Somalia's complex clan system has formed the basis of the country's politics and identity for centuries.
But clan infighting has prevented Somalia from having an effective government since clan-based warlords ousted longtime dictator Mohamed Siad Barre in 1991, thrusting the country into anarchy.
Two years ago, the United Nations helped set up the interim government. But until the past week, it had little influence outside of its seat in the city of Baidoa, in part because it had been weakened by clan rivalries.
The Council of Islamic Courts seized Mogadishu in June and went on to take much of southern Somalia after chasing U.S.-backed warlords from the city.
They were later joined by foreign militants, including Pakistanis and Arabs, who supported their goal of making Somalia an Islamic state.
While many Somalis appeared to welcome the law and order that came when the militiamen imposed Islamic law, others rejected the strict enforcement of Islamic codes.
The Islamists appeared to be unbeatable after seizing the capital, but they have been no match for Ethiopia, which has the strongest military in the Horn of Africa.
On Sunday, Ethiopia sent fighter jets streaking deep into militia-held areas to help Somalia's UN-recognized government push back the Islamists.
Ethiopia got involved after the Islamists tried to march on the government base of Baidoa.
Ethiopia's prime minister has said that his country was "forced to enter a war" with the Council of Islamic Courts after the group declared holy war on Ethiopia, a largely Christian country that has feared the emergence of a neighbouring Islamic state.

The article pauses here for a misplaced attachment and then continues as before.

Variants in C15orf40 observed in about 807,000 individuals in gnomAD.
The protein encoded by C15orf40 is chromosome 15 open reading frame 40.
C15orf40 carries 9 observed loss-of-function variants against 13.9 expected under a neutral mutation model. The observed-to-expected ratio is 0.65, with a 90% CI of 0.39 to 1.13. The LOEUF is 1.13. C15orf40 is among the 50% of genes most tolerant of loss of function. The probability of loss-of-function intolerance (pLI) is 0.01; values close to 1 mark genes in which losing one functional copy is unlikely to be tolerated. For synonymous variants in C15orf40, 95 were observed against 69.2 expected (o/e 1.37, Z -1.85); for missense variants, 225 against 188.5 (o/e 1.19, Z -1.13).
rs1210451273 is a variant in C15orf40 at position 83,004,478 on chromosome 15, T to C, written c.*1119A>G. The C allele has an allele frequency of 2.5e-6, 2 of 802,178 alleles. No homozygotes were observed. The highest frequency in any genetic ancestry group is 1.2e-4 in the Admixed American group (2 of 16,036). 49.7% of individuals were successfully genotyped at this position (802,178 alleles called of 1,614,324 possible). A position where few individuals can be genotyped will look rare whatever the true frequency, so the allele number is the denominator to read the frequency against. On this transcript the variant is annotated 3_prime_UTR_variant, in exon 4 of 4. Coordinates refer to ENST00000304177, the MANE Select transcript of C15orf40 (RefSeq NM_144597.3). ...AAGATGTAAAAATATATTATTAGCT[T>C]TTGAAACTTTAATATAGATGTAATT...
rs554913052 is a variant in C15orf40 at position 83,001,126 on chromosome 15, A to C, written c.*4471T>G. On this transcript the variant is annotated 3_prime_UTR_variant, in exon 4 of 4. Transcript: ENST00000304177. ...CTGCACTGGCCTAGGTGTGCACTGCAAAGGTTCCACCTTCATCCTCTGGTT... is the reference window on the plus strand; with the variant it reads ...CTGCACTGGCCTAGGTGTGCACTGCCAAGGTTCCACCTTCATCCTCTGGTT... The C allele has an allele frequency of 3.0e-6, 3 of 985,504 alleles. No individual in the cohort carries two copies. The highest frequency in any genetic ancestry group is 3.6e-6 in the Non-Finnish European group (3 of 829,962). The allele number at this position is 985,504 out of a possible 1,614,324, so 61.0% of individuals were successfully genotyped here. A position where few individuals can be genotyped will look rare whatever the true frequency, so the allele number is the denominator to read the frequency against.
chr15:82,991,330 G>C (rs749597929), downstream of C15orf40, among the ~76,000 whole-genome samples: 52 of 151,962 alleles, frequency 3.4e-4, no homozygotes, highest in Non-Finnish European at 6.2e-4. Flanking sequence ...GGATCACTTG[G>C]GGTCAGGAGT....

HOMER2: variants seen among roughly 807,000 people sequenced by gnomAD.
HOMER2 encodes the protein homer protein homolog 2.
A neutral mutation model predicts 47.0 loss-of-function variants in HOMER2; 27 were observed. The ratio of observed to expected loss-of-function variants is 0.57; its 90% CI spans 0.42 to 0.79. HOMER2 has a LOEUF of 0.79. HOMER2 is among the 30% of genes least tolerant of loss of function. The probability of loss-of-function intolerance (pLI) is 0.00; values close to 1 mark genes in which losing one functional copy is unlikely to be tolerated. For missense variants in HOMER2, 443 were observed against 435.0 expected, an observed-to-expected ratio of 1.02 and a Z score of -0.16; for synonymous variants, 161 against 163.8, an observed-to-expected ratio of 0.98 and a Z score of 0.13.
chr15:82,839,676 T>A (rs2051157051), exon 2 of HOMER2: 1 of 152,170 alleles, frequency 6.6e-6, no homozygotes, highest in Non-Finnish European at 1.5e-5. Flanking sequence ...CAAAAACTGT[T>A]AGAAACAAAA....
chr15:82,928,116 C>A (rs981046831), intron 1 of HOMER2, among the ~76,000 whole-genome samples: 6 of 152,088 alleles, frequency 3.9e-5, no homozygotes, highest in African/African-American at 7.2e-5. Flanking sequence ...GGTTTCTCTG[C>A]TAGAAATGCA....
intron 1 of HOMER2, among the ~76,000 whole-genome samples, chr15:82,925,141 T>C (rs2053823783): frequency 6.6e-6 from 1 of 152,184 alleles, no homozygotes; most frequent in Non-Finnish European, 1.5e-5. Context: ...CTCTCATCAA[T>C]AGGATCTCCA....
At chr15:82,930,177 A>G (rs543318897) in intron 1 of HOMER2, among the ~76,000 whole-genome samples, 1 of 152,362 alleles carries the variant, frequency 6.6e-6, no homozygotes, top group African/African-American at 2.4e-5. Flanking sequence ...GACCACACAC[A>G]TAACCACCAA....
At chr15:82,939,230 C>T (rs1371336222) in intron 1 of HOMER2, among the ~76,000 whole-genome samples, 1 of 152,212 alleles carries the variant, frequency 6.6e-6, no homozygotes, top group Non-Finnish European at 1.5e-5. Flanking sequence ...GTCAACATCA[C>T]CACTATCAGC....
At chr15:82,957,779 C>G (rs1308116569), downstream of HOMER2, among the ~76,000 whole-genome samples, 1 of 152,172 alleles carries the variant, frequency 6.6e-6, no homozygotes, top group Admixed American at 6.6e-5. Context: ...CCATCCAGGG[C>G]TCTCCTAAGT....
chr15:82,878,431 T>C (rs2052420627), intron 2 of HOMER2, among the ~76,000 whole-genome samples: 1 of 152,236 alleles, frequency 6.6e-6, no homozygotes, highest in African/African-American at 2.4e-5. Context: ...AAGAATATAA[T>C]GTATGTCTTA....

The United States has closely followed the gains made by Somali government
forces, supported by Ethiopian armour and troops, against Islamist militiamen.
Washington is determined to prevent the spread of fundamentalist Islam to Africa
and has been deeply concerned by the rise of the Union of Islamic Courts.
3rd Horseman said:History correction - The UN won the war in Bosnia and Croatia
Trust a Globe and Mail reporter find to find "analysts" to criticize the US--remember the Islamists did bring "security" (and Hitler almost eliminated unemployment before the war)...
Somali-Canadians are actively involved with both sides in the violent power struggle that rocked Somalia this week, but hundreds are also caught in the middle of the upheaval in the capital, Mogadishu.
Dual citizens who've left Canada in recent years to return to Somalia now hold key posts in the UN-backed transitional government and with its foes, the fundamentalist Union of Islamic Courts.
On one side, former Toronto grocer Abdullahi Afrah, better known as Asparo, is a senior leader with the Islamists who fled Mogadishu on Thursday in the face of a fierce assault by government forces, backed by Ethiopian troops, who finally regained control of the capital.
And on the other, 13 Somali-Canadians, most from Greater Toronto, are serving as parliamentarians in the 275-member transitional government that includes Ali Jama, the minister of information...
Sitting in Toronto, Abdirizak Mohamed is desperate to evacuate his family from Mogadishu, where they have been visiting family since the summer. But all international flights have been suspended, and martial law was to be imposed today.
"I've asked them to get on any flight that comes out of Mogadishu. I asked them to get out but I don't know.
"Only if the Canadian government gets involved, otherwise we are not in a position to do anything," said Mohamed, a community activist who works at the Somali-Canadian Cultural Club near Jane St. and Eglinton Ave...
...currently, there are no plans to evacuate Canadians from Somalia, according to Bernard Nguyen, a spokesman for the Department of Foreign Affairs in Ottawa...
A lack of Canadian military capacity in that region [emphasis added] could make evacuation difficult, according to historian Jack Granatstein, fellow of the Canadian Defence and Foreign Affairs Institute.
"I'd be surprised if there was a Canadian effort to evacuate or support evacuation in any form," said Granatstein. "We have no capacity to get in there. We'd have to beg space on British or American flights.
"Those fleeing would be Islamists, and the British and Americans are not eager to get them out."..